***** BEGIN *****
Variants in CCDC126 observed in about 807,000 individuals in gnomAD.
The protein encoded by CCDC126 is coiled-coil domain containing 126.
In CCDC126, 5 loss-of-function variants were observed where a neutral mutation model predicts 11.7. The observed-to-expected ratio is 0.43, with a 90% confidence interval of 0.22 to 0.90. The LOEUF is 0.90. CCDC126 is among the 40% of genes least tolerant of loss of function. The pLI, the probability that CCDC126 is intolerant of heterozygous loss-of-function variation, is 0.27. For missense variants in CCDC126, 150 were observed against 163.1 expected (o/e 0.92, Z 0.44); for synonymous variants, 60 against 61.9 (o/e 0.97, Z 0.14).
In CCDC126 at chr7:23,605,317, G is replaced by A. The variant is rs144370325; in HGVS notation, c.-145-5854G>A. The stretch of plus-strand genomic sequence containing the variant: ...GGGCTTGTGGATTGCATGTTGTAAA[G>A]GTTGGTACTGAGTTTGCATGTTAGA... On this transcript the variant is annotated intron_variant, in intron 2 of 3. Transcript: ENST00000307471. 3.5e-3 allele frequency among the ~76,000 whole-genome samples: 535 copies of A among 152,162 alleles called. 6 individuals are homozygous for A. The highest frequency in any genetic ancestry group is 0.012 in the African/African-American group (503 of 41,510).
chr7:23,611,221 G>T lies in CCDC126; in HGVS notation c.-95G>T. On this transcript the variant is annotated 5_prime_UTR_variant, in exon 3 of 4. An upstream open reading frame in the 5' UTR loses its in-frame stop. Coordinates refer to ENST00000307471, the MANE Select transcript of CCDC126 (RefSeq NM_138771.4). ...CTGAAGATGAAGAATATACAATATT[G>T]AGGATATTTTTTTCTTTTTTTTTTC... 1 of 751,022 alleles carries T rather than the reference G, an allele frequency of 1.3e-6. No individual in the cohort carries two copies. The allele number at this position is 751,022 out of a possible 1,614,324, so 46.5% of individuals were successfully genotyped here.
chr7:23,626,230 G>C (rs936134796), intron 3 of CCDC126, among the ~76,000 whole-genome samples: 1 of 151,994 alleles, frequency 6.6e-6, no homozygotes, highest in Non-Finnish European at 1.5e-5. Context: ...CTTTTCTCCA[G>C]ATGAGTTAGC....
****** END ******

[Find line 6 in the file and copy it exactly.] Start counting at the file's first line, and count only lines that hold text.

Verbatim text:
chr7:23,626,230 G>C (rs936134796), intron 3 of CCDC126, among the ~76,000 whole-genome samples: 1 of 151,994 alleles, frequency 6.6e-6, no homozygotes, highest in Non-Finnish European at 1.5e-5. Context: ...CTTTTCTCCA[G>C]ATGAGTTAGC....